World Bank Liberia Chief Economist Talks About Ending, ‘Learning Poverty’

Some of the benefiting students posed shortly after the indoor program ended.

— Says 270 million children are caught in the learning gap

The World Bank Liberia Chief Economist Daniel K. Boakye has called on governments and its partners in Sub-Sahara Africa to seriously invest in the education sector which will help reduce or end poverty.

Boakye said in absolute numbers, 270 million children ages 10 to 14 are caught in this ‘Learning Poverty’ gap. He added that in some Sub-Saharan countries, it is estimated that more than 80 percent of children cannot read a single word by Grade 3 level.

He added, “This high rate of learning poverty, and slow progress in low and middle-income countries is an early warning sign that global education goals are at risk and threatens efforts to end poverty.”

Boakye made these remarks on Thursday, October 17, 2019, when World Bank Liberia Office joined over 190 countries to accelerate, “End Poverty Today” with a new scheme under the banner, “Ending Learning Poverty in the world.”

This year’s celebration was hosted by Zambia, connecting all African countries with Washington, DC, with a live video conference that gives every country, including Liberia, an opportunity to explain challenges facing the education sector and how to seek more support from World Bank aimed at cultivating their respective educational sectors.

He said the bank has also embarked on directing its funds in the area of Ending Learning Poverty aimed at providing quality education to children at age 10 to be able to read and answer simple tests.

“Far too many children don’t have basic literacy skills. New analysis undertaken by the World Bank and United Nations Education, Scientific and Cultural Organization (UNESCO) shows that 52% of children at or near the need of primary school age cannot read a short story,” Mr. Boakye said.

Boakye added: “This high rate of Learning Poverty and slow progress in low and middle-income countries is an early warning sign that global education goals are at risk and threatens efforts to end poverty.”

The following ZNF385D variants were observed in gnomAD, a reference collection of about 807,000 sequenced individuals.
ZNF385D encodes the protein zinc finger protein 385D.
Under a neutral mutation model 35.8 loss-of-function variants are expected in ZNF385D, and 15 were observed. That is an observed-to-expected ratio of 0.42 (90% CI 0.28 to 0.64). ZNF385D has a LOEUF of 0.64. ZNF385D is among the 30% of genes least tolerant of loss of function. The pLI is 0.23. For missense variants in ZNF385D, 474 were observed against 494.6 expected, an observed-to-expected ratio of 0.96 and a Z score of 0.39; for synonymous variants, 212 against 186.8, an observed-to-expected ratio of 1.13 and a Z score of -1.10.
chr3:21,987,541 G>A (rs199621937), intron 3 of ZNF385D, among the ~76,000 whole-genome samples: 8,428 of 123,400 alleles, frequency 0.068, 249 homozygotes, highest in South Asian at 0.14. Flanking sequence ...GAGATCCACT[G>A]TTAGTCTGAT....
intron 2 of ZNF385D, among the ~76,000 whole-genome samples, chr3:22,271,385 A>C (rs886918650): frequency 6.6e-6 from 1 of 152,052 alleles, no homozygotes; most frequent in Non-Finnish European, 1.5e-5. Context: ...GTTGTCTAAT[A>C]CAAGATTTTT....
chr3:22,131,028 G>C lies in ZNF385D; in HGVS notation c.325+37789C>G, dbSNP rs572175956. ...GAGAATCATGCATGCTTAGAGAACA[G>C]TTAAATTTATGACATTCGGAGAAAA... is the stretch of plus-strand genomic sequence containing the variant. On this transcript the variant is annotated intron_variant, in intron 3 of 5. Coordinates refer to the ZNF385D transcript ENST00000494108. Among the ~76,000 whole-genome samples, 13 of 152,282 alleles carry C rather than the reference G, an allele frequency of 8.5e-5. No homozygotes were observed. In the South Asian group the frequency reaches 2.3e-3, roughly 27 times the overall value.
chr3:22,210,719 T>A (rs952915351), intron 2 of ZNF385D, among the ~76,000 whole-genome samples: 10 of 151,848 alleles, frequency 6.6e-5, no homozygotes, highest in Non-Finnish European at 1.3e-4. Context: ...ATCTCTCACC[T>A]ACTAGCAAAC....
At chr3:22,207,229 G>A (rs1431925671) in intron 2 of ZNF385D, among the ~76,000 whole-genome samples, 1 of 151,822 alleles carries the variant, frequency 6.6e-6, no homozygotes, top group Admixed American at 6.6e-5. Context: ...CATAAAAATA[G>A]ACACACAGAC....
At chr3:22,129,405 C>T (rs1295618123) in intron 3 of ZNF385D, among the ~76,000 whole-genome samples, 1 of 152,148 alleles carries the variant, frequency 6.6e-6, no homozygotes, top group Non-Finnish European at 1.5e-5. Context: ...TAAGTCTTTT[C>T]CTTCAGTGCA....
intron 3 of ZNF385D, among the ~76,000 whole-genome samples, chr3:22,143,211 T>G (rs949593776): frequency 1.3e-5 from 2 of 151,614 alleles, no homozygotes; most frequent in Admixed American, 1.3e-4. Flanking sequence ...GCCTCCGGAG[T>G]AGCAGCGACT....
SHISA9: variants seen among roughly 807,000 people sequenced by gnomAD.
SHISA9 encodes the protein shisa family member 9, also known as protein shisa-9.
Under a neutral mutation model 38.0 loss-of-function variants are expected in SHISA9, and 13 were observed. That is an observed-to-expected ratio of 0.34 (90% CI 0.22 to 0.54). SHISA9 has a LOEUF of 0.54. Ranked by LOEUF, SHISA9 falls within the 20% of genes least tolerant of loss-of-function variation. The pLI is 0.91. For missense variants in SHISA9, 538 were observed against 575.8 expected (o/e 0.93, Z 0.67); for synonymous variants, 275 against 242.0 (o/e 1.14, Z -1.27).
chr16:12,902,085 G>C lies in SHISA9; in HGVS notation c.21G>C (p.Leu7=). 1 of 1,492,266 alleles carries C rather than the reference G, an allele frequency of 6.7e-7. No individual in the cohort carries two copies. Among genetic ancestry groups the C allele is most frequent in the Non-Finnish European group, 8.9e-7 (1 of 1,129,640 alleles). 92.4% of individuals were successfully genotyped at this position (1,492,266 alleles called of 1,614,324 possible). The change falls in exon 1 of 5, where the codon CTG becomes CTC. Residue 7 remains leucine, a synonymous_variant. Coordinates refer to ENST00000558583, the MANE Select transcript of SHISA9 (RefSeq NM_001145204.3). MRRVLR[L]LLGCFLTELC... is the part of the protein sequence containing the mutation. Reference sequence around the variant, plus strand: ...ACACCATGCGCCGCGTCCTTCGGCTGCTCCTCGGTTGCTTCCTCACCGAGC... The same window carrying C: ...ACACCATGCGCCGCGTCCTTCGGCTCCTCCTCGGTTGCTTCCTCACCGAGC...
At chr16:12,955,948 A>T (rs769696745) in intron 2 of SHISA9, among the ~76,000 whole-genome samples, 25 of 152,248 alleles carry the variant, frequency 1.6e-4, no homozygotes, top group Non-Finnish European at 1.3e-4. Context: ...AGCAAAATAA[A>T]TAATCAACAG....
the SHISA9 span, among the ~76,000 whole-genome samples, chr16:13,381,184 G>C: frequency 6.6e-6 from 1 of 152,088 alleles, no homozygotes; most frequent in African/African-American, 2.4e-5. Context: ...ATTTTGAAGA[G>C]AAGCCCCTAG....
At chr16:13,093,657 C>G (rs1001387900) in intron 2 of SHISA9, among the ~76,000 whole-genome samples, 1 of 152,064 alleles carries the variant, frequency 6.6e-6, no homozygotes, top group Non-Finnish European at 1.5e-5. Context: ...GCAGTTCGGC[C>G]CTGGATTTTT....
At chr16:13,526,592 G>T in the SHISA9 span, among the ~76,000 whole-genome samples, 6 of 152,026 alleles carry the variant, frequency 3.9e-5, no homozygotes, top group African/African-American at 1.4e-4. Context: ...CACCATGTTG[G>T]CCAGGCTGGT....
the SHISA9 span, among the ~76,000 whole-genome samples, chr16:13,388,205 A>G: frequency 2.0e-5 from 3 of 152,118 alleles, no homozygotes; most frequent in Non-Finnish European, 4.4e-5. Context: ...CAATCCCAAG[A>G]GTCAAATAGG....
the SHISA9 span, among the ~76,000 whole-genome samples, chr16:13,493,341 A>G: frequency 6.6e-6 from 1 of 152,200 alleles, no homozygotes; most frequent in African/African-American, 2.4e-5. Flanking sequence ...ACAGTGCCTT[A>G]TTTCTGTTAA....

He said that based on the analysis carried out by the bank, the World Bank Group is setting a new learning target to reduce at least half the number of children who cannot read by age 10.

“By setting a global target, the World Bank can work with countries to define their own national learning targets. While support for countries in the long-term task of building quality education systems continues, efforts need to be focused on ensuring that all children are getting the foundation skills required in primary school,” Boakye said.

According to him, most of the countries that the World Bank works with have various challenges, but the key challenge facing most Sub-Saharan African countries is poverty.

“But if we are able to address poverty in Africa, it will go a long way in reducing poverty globally,” he said.

Boakye defines poverty as a lack of basic necessity of life, noting that when you are poor and don’t have food to eat, it becomes one of the characteristics of poverty, including lack of access to basic health services, education and safe drinking water.

“As part of the agenda in ending poverty, the World Bank is today focusing on the importance of access to education as the way of reducing poverty. It will amaze you to know that among all the key instruments that are needed to reduce poverty, education is considered the first priority,” he said.

Boakye added that the first thing that every parent, who does not have money, needs to do is focus on his/her children’s education and once it is attained, a person is automatically on his way to come out of poverty.

“Reason is that a child will study and achieve a certificate that will show a particular profession that will bring employment to help the family and others,” he said.

A District Education Officer from Montserrado County said that a survey conducted by the World Bank should be taken into consideration to ensure children acquire reading skills.

“One of our responsibilities as District Education Officers (DEOs) is to monitor our schools, to ensure that teachers meet the required standards so as to give back to the students, because if the teacher is not prepared, he would not properly teach the student,” one of the DEOs said.

“When you cannot read with understanding, it is not possible to have anything done correctly, because people will have to make a decision for you, and we don’t want this for our children,” a DEO interjected.

B.W. Harris Elementary Principal Ms. Sarah S. Barclay says to make the students to acquire better reading skills, her administration has introduced Early Childhood Development, because when a child is well developed, it means the foundation of that child is being built, she said.


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